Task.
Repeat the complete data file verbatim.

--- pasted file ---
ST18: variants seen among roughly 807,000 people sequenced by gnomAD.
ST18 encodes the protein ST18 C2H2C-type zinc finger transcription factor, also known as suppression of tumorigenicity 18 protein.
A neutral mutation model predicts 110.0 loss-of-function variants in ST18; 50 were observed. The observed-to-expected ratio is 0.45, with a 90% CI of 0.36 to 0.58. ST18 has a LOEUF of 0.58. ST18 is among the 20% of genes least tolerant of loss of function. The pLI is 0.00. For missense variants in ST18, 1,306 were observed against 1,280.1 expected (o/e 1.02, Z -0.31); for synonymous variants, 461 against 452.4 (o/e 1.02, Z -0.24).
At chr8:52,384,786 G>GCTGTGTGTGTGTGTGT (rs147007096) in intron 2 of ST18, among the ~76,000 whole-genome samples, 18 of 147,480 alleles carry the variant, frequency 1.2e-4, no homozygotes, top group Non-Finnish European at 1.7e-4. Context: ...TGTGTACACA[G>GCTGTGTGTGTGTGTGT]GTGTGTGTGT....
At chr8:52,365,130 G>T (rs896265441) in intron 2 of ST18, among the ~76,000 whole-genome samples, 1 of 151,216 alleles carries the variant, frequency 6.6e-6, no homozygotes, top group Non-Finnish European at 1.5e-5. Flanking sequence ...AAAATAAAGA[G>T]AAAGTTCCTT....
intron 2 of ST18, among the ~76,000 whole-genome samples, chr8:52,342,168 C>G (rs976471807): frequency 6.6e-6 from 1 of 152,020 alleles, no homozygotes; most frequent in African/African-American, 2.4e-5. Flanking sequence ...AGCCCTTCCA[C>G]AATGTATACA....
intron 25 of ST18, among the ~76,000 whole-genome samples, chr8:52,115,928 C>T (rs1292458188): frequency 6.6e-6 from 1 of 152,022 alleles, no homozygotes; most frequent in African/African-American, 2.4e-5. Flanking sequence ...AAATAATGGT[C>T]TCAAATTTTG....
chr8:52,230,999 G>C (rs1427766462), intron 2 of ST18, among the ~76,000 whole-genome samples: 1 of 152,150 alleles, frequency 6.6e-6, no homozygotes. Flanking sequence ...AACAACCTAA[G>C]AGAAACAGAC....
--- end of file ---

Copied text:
ST18: variants seen among roughly 807,000 people sequenced by gnomAD.
ST18 encodes the protein ST18 C2H2C-type zinc finger transcription factor, also known as suppression of tumorigenicity 18 protein.
A neutral mutation model predicts 110.0 loss-of-function variants in ST18; 50 were observed. The observed-to-expected ratio is 0.45, with a 90% CI of 0.36 to 0.58. ST18 has a LOEUF of 0.58. ST18 is among the 20% of genes least tolerant of loss of function. The pLI is 0.00. For missense variants in ST18, 1,306 were observed against 1,280.1 expected (o/e 1.02, Z -0.31); for synonymous variants, 461 against 452.4 (o/e 1.02, Z -0.24).
At chr8:52,384,786 G>GCTGTGTGTGTGTGTGT (rs147007096) in intron 2 of ST18, among the ~76,000 whole-genome samples, 18 of 147,480 alleles carry the variant, frequency 1.2e-4, no homozygotes, top group Non-Finnish European at 1.7e-4. Context: ...TGTGTACACA[G>GCTGTGTGTGTGTGTGT]GTGTGTGTGT....
At chr8:52,365,130 G>T (rs896265441) in intron 2 of ST18, among the ~76,000 whole-genome samples, 1 of 151,216 alleles carries the variant, frequency 6.6e-6, no homozygotes, top group Non-Finnish European at 1.5e-5. Flanking sequence ...AAAATAAAGA[G>T]AAAGTTCCTT....
intron 2 of ST18, among the ~76,000 whole-genome samples, chr8:52,342,168 C>G (rs976471807): frequency 6.6e-6 from 1 of 152,020 alleles, no homozygotes; most frequent in African/African-American, 2.4e-5. Flanking sequence ...AGCCCTTCCA[C>G]AATGTATACA....
intron 25 of ST18, among the ~76,000 whole-genome samples, chr8:52,115,928 C>T (rs1292458188): frequency 6.6e-6 from 1 of 152,022 alleles, no homozygotes; most frequent in African/African-American, 2.4e-5. Flanking sequence ...AAATAATGGT[C>T]TCAAATTTTG....
chr8:52,230,999 G>C (rs1427766462), intron 2 of ST18, among the ~76,000 whole-genome samples: 1 of 152,150 alleles, frequency 6.6e-6, no homozygotes. Flanking sequence ...AACAACCTAA[G>C]AGAAACAGAC....